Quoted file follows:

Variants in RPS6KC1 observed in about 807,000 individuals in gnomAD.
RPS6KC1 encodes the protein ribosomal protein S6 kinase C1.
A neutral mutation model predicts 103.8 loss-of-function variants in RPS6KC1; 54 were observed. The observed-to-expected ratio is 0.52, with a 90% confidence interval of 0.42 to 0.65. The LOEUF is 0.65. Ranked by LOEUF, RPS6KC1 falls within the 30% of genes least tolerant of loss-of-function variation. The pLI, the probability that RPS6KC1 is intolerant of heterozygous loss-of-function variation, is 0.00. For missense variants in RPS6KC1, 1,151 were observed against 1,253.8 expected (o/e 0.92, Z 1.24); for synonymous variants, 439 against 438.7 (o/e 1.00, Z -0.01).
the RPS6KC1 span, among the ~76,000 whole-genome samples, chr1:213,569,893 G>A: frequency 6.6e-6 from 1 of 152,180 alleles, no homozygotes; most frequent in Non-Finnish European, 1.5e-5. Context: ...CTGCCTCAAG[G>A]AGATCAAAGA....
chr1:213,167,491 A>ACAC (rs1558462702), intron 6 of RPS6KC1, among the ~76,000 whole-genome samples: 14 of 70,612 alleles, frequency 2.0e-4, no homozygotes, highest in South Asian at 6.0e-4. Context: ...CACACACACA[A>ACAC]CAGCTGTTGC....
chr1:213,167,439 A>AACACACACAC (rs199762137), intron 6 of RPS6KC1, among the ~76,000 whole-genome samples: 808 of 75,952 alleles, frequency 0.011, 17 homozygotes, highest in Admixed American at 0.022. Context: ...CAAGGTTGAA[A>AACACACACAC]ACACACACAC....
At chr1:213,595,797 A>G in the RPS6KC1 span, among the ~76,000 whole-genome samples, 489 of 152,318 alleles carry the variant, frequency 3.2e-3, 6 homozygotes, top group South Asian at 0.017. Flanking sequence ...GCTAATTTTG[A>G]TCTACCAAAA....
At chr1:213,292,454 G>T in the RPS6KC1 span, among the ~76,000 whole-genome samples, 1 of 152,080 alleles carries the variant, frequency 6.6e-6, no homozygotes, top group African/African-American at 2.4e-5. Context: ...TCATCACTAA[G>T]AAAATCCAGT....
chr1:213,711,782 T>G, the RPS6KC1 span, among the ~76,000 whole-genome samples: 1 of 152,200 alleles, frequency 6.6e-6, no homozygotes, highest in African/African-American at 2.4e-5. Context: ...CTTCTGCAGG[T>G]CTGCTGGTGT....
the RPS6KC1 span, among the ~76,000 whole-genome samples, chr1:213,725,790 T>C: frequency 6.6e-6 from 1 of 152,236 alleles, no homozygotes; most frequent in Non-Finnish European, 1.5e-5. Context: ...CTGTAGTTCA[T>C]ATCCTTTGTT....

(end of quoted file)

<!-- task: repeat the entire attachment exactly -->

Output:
Variants in RPS6KC1 observed in about 807,000 individuals in gnomAD.
RPS6KC1 encodes the protein ribosomal protein S6 kinase C1.
A neutral mutation model predicts 103.8 loss-of-function variants in RPS6KC1; 54 were observed. The observed-to-expected ratio is 0.52, with a 90% confidence interval of 0.42 to 0.65. The LOEUF is 0.65. Ranked by LOEUF, RPS6KC1 falls within the 30% of genes least tolerant of loss-of-function variation. The pLI, the probability that RPS6KC1 is intolerant of heterozygous loss-of-function variation, is 0.00. For missense variants in RPS6KC1, 1,151 were observed against 1,253.8 expected (o/e 0.92, Z 1.24); for synonymous variants, 439 against 438.7 (o/e 1.00, Z -0.01).
the RPS6KC1 span, among the ~76,000 whole-genome samples, chr1:213,569,893 G>A: frequency 6.6e-6 from 1 of 152,180 alleles, no homozygotes; most frequent in Non-Finnish European, 1.5e-5. Context: ...CTGCCTCAAG[G>A]AGATCAAAGA....
chr1:213,167,491 A>ACAC (rs1558462702), intron 6 of RPS6KC1, among the ~76,000 whole-genome samples: 14 of 70,612 alleles, frequency 2.0e-4, no homozygotes, highest in South Asian at 6.0e-4. Context: ...CACACACACA[A>ACAC]CAGCTGTTGC....
chr1:213,167,439 A>AACACACACAC (rs199762137), intron 6 of RPS6KC1, among the ~76,000 whole-genome samples: 808 of 75,952 alleles, frequency 0.011, 17 homozygotes, highest in Admixed American at 0.022. Context: ...CAAGGTTGAA[A>AACACACACAC]ACACACACAC....
At chr1:213,595,797 A>G in the RPS6KC1 span, among the ~76,000 whole-genome samples, 489 of 152,318 alleles carry the variant, frequency 3.2e-3, 6 homozygotes, top group South Asian at 0.017. Flanking sequence ...GCTAATTTTG[A>G]TCTACCAAAA....
At chr1:213,292,454 G>T in the RPS6KC1 span, among the ~76,000 whole-genome samples, 1 of 152,080 alleles carries the variant, frequency 6.6e-6, no homozygotes, top group African/African-American at 2.4e-5. Context: ...TCATCACTAA[G>T]AAAATCCAGT....
chr1:213,711,782 T>G, the RPS6KC1 span, among the ~76,000 whole-genome samples: 1 of 152,200 alleles, frequency 6.6e-6, no homozygotes, highest in African/African-American at 2.4e-5. Context: ...CTTCTGCAGG[T>G]CTGCTGGTGT....
the RPS6KC1 span, among the ~76,000 whole-genome samples, chr1:213,725,790 T>C: frequency 6.6e-6 from 1 of 152,236 alleles, no homozygotes; most frequent in Non-Finnish European, 1.5e-5. Context: ...CTGTAGTTCA[T>C]ATCCTTTGTT....